|Timestamp||Please describe one or more ideas, especially ones which make you hopeful|
|4/16/2018 20:56:44||I think there needs to be a standardized format between journalism orgs, fact checkers, and content curators. The content curators, i.e., Facebook, Google, Reddit, Twitter, need to be able to digest input from independent fact checkers for various news events. Content curators needs to be free to design their own algorithms and UIX, fact checkers ought to be independent and journalists ought to be able to dispute news stories.|
|4/17/2018 23:03:17||Trained machines inspect web pages and calculate a credibility score, which is then published and used to guide search results and feed placement. Trained people do it too, to help train and validate the machines.|
Professional fact-checkers examine popular articles and attempt to establish the veracity of key claims via independent evidence. They publish their results, with links to sitings, which are then presented to consumers near the original content.
People and organizations publish information about who they trust, and for what. This is aggregated (like pagerank) to allow the trustworthiness of many sources to be deduced starting with a few. People can be anonymized by trusted services to reduce social pressure.
|4/16/2018 22:12:06||Scientific article landing pages include an enumeration of incoming links annotated with an analysis from the authors/edits/peer-reviewers about whether the citation is legit. These annotations affect the browser experience and search/feed rankings.|
|4/19/2018 12:53:16||Credibility of Web content can be increased by taking into account validation against open, standard, machine-readable schemas duly approved by internationally recognized standards development organizations.|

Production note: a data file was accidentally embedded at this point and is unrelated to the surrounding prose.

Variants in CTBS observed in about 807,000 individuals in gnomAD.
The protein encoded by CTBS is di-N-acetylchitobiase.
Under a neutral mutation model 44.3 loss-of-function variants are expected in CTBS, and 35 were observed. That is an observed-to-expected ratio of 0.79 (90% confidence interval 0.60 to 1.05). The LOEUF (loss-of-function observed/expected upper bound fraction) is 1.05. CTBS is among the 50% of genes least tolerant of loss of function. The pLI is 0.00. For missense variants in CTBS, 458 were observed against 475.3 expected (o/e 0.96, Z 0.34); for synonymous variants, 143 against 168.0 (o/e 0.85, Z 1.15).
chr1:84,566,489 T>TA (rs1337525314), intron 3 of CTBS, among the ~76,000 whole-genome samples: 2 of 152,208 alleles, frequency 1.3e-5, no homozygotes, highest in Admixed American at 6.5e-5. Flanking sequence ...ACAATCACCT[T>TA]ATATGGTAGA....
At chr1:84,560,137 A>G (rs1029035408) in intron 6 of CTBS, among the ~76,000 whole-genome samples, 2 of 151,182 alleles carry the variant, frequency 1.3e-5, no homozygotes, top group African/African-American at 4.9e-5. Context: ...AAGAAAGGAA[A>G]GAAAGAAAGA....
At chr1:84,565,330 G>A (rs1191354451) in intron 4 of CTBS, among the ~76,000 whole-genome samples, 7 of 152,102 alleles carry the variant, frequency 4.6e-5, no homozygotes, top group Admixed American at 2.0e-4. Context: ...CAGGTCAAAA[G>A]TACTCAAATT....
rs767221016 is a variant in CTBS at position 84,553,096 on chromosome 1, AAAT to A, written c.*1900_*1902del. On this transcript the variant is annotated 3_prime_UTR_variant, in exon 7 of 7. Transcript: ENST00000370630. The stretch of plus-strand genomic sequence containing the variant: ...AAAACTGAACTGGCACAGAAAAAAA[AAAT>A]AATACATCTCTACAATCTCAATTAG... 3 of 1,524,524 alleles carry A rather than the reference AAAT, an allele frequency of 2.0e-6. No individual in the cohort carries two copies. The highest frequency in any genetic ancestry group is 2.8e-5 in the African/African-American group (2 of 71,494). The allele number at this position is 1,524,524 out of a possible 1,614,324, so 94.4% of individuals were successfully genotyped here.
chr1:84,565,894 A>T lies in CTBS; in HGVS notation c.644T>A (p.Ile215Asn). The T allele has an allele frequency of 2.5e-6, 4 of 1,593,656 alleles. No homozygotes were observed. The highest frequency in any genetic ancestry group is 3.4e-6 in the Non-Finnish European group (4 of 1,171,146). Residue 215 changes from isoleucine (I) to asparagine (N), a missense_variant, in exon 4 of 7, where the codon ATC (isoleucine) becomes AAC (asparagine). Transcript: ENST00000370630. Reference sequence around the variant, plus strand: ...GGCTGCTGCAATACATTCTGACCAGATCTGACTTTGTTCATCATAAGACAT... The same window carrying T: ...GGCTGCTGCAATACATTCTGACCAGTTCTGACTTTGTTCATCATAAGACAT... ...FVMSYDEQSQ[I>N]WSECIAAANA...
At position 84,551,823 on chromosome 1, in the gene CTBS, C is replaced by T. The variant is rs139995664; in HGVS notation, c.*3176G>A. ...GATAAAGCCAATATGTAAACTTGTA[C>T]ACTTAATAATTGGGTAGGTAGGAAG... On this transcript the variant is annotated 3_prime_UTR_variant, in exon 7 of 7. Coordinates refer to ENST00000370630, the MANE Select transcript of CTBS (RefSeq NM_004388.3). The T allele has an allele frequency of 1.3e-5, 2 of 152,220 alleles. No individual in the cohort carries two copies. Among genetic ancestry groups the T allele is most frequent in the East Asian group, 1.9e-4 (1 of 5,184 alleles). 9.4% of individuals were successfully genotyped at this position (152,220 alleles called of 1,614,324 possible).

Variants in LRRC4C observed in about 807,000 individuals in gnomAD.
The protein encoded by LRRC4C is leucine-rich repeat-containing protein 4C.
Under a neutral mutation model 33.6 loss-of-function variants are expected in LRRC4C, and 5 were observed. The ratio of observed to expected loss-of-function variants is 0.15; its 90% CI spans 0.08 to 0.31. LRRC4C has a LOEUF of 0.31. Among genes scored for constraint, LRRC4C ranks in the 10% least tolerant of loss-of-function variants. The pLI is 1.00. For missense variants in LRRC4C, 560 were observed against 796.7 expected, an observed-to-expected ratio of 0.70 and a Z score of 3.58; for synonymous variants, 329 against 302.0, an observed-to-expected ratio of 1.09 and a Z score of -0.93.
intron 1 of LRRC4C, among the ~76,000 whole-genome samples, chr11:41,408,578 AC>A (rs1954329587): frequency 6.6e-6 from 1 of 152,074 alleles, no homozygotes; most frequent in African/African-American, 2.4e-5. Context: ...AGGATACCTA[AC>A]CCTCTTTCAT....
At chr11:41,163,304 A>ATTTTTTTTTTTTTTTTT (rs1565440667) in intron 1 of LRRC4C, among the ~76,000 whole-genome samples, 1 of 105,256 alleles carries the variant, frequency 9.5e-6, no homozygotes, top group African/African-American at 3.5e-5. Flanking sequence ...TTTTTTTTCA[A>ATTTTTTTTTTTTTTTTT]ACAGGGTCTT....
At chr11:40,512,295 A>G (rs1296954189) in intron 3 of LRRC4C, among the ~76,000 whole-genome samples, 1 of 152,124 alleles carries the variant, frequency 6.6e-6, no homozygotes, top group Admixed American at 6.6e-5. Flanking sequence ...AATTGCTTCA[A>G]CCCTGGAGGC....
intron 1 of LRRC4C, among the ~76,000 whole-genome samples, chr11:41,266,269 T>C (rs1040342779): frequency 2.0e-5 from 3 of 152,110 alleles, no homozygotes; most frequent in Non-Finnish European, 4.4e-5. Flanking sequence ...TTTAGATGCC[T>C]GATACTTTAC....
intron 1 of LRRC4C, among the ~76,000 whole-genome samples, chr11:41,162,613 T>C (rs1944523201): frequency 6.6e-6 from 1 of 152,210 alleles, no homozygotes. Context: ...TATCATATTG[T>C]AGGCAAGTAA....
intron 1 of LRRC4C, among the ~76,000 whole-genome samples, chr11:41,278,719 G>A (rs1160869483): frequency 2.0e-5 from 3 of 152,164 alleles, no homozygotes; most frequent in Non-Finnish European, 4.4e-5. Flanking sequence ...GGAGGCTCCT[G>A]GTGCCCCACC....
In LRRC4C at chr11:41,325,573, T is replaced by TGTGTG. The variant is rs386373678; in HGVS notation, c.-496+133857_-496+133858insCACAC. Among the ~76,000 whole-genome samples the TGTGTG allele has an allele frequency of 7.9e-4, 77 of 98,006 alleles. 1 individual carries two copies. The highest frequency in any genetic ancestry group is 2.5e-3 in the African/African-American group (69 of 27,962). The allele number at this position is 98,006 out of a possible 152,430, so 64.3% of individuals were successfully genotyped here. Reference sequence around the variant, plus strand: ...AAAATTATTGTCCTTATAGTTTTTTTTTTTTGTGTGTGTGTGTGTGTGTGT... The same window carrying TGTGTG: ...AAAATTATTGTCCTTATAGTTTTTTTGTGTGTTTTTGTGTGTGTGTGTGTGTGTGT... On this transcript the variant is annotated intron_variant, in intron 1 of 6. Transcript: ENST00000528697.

|4/19/2018 13:02:01||Here are some thoughts offered by others with respect to the elements of credibility: https://incrediblemessages.com/five-keys-to-credibility-at-work/ & https://courses.lumenlearning.com/boundless-communications/chapter/credibility-appeals/ & https://seotradenews.com/5-elements-of-credibility/ & https://www.userlike.com/en/blog/10-crucial-elements-website-credibility|
|4/20/2018 14:00:17||Web content will be more credible when it has the attributes outlined in ISO 15489-1: integrity, reliability, authenticity, and usability.|
|4/20/2018 14:04:36||Executive Order 13642 established openness and machine-readability as the default for U.S. federal government information. One of the unrecognized implications is that schemas should be specified for all public records series. Web content will be more credible when it conforms to publicly specified schemas.|
First of all, a typology of disinformation should be defined and used to mark up web content/elements when possible. For instance, different types of disinformation could be considered: "stating false facts", "providing inaccurate information", "presenting tampered image", "posting media content in a false context", "presenting unproven claims", etc. Once such a typology is available and used (initially by media organizations and interested parties), it will be possible to generate large standardized corpora of annotations that can be used to train models that can automatically produce these annotations. At the same time, when such annotations are standardized and available in the HTML markup, browsers or browser extensions can use them to issue appropriate warnings to end users. An important consideration is that such annotations should be provided at the appropriate level of granularity, i.e. not necessarily involve a whole page, but instead a concrete statement, an image and its caption, etc.
The fact that this group exists, and that Facebook and Google are involved, means that a standard really does have a chance to emerge.
training readers through bias read alouds, on tech side a browser extension with a slider on varying scales of credibility, present data in aggregate as individuals, allow people to make a list (their curated expert) or a group (like a class).